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Old 07-22-2003, 04:16 AM   #12
Location: Maidenhead
Join Date: Dec 2000
Posts: 167
United Kingdom
Opher Donchin (opherdonchin) wrote:
Let's take this to an extreme: I will try to do shihonage so that I'm barely even moving and uke gets to move at whatever speed he or she wants. In fact, let's say I'm not moving at all. Clearly, uke will have no difficulty contorting their body, releasing the pressure on their arm and punching my lights out.
Aha - now we differ. This is my point. Uke should not be able to contort their body to release the pressure as this means there is a hole in the technique. Otherwise your technique relies on the fact that uke cannot move faster than you in reality.

In my dojo we teach shihonage to beginners as a step by step movement. At every step, we stop ie "not moving at all" - to look at how uke is controlled. If they can escape there is no control and the technique, in our view, is not right. So it sounds like we have different approaches to shihonage.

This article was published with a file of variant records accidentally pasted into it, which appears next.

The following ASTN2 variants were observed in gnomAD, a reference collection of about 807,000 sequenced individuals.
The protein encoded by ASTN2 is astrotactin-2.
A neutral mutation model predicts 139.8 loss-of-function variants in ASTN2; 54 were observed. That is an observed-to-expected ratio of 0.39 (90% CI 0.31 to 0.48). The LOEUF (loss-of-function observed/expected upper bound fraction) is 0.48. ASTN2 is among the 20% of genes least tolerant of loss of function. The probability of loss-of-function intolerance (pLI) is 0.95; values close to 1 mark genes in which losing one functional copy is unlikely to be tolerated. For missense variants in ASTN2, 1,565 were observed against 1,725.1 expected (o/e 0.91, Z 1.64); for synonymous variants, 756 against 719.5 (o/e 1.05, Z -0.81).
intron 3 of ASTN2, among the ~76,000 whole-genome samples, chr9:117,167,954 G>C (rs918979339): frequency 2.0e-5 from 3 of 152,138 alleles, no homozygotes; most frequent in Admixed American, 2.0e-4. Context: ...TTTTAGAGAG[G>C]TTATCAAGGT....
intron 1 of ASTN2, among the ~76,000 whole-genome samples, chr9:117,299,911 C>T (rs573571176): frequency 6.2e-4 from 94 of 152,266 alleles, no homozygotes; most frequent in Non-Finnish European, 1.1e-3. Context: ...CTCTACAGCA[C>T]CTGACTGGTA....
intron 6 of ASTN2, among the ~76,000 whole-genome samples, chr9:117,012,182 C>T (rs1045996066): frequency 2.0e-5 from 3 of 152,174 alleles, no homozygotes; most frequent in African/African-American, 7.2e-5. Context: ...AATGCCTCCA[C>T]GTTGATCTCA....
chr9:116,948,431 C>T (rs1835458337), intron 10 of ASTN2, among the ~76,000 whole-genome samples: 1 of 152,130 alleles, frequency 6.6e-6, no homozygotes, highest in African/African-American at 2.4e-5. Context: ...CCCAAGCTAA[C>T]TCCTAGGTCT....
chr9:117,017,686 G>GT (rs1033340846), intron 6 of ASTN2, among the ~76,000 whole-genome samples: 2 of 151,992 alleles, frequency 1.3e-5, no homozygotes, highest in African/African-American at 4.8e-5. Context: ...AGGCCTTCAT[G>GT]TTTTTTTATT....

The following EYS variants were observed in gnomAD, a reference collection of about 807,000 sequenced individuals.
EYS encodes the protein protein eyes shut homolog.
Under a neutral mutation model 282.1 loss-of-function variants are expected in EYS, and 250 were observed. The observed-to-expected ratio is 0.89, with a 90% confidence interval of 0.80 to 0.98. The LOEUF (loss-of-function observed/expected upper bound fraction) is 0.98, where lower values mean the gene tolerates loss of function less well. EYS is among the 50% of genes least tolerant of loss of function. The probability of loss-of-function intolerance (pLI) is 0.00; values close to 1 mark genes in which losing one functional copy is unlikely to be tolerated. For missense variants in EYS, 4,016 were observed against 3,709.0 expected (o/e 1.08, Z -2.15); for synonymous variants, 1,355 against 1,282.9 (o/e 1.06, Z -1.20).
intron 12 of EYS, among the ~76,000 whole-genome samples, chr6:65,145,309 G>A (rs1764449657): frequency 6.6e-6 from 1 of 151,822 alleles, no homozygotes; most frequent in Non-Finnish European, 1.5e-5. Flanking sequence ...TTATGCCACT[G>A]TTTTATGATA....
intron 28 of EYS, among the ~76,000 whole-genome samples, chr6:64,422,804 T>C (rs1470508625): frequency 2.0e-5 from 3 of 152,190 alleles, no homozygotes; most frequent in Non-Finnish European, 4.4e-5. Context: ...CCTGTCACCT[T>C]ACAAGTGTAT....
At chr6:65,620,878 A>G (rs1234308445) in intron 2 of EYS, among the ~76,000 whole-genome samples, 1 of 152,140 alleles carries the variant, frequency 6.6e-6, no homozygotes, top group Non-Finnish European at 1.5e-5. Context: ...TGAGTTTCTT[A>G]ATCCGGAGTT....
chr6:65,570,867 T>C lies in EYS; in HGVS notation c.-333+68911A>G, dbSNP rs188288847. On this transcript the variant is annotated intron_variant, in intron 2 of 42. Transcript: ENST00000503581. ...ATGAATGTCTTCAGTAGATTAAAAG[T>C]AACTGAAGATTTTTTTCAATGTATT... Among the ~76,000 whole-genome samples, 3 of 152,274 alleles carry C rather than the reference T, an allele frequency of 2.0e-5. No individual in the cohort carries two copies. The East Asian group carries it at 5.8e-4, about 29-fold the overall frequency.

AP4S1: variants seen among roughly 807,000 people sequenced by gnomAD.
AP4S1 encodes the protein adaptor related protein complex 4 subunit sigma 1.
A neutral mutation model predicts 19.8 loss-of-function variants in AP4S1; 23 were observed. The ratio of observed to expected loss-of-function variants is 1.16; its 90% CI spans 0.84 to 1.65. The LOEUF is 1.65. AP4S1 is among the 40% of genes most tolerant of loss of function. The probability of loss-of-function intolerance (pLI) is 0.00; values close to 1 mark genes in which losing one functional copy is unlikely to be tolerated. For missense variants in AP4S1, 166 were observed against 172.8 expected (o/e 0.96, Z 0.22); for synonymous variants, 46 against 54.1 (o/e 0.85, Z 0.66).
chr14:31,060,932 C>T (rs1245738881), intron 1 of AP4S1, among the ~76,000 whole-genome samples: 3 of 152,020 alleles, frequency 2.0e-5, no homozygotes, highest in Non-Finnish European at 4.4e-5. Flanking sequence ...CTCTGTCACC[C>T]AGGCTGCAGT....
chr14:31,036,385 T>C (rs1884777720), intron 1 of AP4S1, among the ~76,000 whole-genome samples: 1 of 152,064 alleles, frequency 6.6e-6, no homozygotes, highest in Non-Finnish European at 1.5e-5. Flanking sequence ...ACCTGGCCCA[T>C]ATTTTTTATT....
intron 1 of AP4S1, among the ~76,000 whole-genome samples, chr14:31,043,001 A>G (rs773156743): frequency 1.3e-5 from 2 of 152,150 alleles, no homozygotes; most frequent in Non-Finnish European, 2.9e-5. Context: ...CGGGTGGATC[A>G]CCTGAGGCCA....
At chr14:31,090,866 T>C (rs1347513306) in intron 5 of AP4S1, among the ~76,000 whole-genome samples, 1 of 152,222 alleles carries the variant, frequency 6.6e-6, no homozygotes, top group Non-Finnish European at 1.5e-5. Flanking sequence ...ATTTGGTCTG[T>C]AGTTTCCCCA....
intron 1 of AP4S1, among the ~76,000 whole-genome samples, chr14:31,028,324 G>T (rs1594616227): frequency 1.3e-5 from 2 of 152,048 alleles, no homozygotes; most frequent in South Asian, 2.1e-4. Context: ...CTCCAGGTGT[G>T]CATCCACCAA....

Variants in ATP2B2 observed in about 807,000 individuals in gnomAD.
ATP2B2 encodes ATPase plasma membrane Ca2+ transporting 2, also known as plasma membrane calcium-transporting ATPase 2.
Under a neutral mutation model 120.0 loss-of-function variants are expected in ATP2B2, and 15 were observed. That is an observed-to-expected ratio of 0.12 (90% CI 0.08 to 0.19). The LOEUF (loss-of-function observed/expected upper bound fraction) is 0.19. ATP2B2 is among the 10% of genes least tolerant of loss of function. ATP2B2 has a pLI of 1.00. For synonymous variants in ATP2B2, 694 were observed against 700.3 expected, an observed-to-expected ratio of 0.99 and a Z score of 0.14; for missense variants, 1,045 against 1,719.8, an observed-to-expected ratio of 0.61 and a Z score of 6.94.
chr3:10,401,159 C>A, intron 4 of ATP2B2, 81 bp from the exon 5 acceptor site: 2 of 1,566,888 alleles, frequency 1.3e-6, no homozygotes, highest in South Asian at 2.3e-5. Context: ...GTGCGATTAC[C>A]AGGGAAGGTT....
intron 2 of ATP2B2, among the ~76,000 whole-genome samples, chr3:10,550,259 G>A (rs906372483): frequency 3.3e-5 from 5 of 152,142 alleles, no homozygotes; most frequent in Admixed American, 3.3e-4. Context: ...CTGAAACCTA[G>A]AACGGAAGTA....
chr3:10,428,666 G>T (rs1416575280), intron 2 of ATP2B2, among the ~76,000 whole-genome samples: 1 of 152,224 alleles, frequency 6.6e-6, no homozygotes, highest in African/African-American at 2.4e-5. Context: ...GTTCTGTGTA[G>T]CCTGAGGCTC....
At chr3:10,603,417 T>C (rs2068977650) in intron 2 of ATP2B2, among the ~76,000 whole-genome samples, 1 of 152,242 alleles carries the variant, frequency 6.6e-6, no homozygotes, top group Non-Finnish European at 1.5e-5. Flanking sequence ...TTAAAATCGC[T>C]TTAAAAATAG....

In some other techniques the control is different - we look to give uke only one way to recover which leads him to where we want. However, again it is not relying on speed to work.

Difficult to discuss in writing, this stuff! I'll work on it with the class tonight and see if I get anywhere...
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